Iceland is often associated with fire and ice. In fact, Iceland’s volcanic geology is hyperactive, providing fertile ground for all kinds of otherworldly speculation. Brown’s narrative focuses on the magic of glaciers, especially Snaafellsjökull. This relatively small “glacier” is often regarded as a sacred mountain and attracts a stream of visitors. According to Haraldór Sigurdsson, a geologist who interviewed Brown, it is not only an enigma to New Age enthusiasts, but also a geological enigma. Because the Snaefellsjökull volcanic zone is perpendicular to Iceland’s primary volcanic zones, Sigurdsson said it “creates a real paradox for geologists … it doesn’t follow the simple paradigm of plate tectonics.” Brown once attempted to climb the glacier but had to give up due to a storm and heavy rain. Each of his successive trips to Iceland, he says, has been “made or marred by seeing it or failing to see it”.

Snaefellsjökull is a key site in the novel Christianity in the fridgeWritten by Icelandic Nobel Laureate Hallður Laxens. When it was released in 1968, it was often considered superficial and played with silly magic. Brown had read it before attempting to climb the refrigerator and did not use it much. However, when he returned home, he read the book again and was “amused (or embarrassed)” to find it. [her] The obsession with Snaefellsjokull is well explained. He said it beautifully expresses “my feeling that the mountain is sensitive, that it watches me, even when I can’t see it.” Brown admits he came back “a little abstract,” “a little eccentric, a little unbalanced.” Returning to real life is not always easy.” Similarly, one of the novel’s characters (Amby sent to investigate the behavior of the Christians near the glacier) says: “I took to my heels with my laces fluttering about my ankles and ran as fast as I could. The way I came, I hoped to find the main road again.” However, Brown offers a meaningful “highway” with long-term benefits. For him, just like another character in the novel (priest/philosopher John Primus), the oddities of the wizarding world melt together into a unified whole, like a glacier on top of an active volcano.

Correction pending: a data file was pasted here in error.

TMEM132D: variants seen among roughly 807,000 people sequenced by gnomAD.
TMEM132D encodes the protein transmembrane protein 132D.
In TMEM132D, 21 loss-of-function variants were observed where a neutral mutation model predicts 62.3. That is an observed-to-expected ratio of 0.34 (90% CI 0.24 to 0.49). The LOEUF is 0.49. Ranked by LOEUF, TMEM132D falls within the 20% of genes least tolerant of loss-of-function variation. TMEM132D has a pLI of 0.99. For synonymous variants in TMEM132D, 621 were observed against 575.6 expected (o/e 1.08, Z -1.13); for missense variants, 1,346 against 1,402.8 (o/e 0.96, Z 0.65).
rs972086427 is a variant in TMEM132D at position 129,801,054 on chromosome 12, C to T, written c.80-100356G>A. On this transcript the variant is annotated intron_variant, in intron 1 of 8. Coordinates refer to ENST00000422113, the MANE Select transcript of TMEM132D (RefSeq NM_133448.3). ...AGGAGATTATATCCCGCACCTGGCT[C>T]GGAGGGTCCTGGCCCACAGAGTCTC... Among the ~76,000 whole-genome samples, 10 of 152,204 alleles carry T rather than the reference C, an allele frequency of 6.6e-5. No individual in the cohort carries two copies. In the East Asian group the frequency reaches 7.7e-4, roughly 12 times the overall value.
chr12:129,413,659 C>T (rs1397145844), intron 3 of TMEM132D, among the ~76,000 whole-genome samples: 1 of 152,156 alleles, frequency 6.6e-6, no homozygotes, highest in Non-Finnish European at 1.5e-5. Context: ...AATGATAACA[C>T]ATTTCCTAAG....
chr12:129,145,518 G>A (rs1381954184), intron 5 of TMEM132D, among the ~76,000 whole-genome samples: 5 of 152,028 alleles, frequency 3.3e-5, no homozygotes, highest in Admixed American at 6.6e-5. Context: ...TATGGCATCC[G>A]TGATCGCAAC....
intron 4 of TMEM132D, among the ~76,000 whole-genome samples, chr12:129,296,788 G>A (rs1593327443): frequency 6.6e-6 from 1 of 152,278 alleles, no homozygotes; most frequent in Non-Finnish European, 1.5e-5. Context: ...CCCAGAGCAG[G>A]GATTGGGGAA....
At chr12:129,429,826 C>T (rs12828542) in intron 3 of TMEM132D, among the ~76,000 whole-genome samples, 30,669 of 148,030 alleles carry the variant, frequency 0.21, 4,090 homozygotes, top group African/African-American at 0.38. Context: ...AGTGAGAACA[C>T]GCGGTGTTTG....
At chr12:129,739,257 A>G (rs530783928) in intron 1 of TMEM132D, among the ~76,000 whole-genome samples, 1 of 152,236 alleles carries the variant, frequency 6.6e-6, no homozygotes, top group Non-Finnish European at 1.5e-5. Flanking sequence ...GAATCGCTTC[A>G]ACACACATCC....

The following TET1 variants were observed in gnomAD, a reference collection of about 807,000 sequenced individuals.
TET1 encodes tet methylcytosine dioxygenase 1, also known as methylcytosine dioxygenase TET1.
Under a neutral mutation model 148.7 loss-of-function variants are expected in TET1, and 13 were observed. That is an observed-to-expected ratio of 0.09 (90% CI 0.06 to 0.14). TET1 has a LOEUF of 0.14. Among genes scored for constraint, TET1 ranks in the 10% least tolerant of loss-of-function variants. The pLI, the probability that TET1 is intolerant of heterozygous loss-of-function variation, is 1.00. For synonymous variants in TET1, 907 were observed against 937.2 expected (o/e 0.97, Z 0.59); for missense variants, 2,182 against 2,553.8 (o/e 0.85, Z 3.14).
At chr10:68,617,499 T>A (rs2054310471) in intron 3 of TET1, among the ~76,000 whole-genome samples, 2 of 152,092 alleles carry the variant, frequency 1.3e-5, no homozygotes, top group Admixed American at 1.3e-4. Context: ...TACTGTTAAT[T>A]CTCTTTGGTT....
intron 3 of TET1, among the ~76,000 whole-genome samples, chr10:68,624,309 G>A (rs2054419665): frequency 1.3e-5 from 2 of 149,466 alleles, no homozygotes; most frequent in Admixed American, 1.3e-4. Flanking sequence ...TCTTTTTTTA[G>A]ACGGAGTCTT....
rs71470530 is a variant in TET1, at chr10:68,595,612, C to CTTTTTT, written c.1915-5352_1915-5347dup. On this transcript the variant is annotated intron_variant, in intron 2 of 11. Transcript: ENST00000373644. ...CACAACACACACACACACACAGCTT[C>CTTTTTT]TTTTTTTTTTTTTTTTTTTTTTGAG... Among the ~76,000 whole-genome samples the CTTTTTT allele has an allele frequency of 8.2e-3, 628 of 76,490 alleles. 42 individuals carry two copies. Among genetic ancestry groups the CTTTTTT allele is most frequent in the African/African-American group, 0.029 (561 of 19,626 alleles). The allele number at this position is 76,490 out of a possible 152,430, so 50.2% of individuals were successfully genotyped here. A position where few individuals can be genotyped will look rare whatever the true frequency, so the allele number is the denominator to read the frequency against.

Snaefellsjökull glacier, full of energy and mystery, in the evening sun. (by Nancy Marie Brown)

In the 1980s and 1990s, magic Christianity in the fridge It began to mean that for some (including the present author), the key plot of the novel expresses some of the problems of postmodernity, how to separate fact and fiction, novel and ethnography. In this way, we come full circle, says Brown, to Icelandic viewers who “talk to the elves who live in the rocks, and their place among this group of artists, writers, philosophers, and anthropologists who all use words and Worlds, gods and stones think. “I feel confident, and I’m convinced that his vision can provide a way for all of us to move forward.”

Some fairy tales are fables about human-animal relationships, warnings about the dangers of the Anthropocene, calls to an ethic of humility and care. Brown concludes that more science and more technology will not get us out of the environmental crisis. A fusion of modern and ancient landscapes that allow for magic may show us the way.

The tidal flats that extend towards the Snaefellsjökull glacier. (by Nancy Marie Brown)

In Search of the Hidden People: How Iceland’s Elves Can Save the Earth by Nancy Marie Brown, published in October 2022.

Gísli Pálsson is professor emeritus of anthropology at the University of Iceland and currently a member of the Swedish Faculty for Advanced Studies in Uppsala. Born and raised in the Westman Islands, Iceland, he studied anthropology at the University of Iceland and the University of Manchester. He has written extensively on several topics including environmental change.